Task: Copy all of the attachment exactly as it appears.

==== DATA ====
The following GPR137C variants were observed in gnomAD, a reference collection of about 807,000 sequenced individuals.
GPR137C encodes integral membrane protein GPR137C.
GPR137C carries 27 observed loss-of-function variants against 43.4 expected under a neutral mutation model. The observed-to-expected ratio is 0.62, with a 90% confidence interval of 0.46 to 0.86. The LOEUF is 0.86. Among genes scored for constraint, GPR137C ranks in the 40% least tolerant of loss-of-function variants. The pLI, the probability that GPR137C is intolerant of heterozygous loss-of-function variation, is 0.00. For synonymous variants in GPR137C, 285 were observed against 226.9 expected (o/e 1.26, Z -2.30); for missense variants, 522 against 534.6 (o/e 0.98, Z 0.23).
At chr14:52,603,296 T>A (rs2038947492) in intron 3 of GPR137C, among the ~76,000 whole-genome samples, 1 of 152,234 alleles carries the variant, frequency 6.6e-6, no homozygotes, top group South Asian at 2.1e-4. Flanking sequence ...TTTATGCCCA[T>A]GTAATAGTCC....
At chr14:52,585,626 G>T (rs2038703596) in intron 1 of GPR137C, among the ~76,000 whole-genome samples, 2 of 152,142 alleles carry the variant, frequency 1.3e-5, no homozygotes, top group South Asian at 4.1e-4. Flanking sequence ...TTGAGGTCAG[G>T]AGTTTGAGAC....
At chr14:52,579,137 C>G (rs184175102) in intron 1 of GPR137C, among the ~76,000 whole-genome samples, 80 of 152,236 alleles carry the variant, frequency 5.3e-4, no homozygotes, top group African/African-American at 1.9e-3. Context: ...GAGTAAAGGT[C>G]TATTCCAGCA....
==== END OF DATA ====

The following GPR137C variants were observed in gnomAD, a reference collection of about 807,000 sequenced individuals.
GPR137C encodes integral membrane protein GPR137C.
GPR137C carries 27 observed loss-of-function variants against 43.4 expected under a neutral mutation model. The observed-to-expected ratio is 0.62, with a 90% confidence interval of 0.46 to 0.86. The LOEUF is 0.86. Among genes scored for constraint, GPR137C ranks in the 40% least tolerant of loss-of-function variants. The pLI, the probability that GPR137C is intolerant of heterozygous loss-of-function variation, is 0.00. For synonymous variants in GPR137C, 285 were observed against 226.9 expected (o/e 1.26, Z -2.30); for missense variants, 522 against 534.6 (o/e 0.98, Z 0.23).
At chr14:52,603,296 T>A (rs2038947492) in intron 3 of GPR137C, among the ~76,000 whole-genome samples, 1 of 152,234 alleles carries the variant, frequency 6.6e-6, no homozygotes, top group South Asian at 2.1e-4. Flanking sequence ...TTTATGCCCA[T>A]GTAATAGTCC....
At chr14:52,585,626 G>T (rs2038703596) in intron 1 of GPR137C, among the ~76,000 whole-genome samples, 2 of 152,142 alleles carry the variant, frequency 1.3e-5, no homozygotes, top group South Asian at 4.1e-4. Flanking sequence ...TTGAGGTCAG[G>T]AGTTTGAGAC....
At chr14:52,579,137 C>G (rs184175102) in intron 1 of GPR137C, among the ~76,000 whole-genome samples, 80 of 152,236 alleles carry the variant, frequency 5.3e-4, no homozygotes, top group African/African-American at 1.9e-3. Context: ...GAGTAAAGGT[C>G]TATTCCAGCA....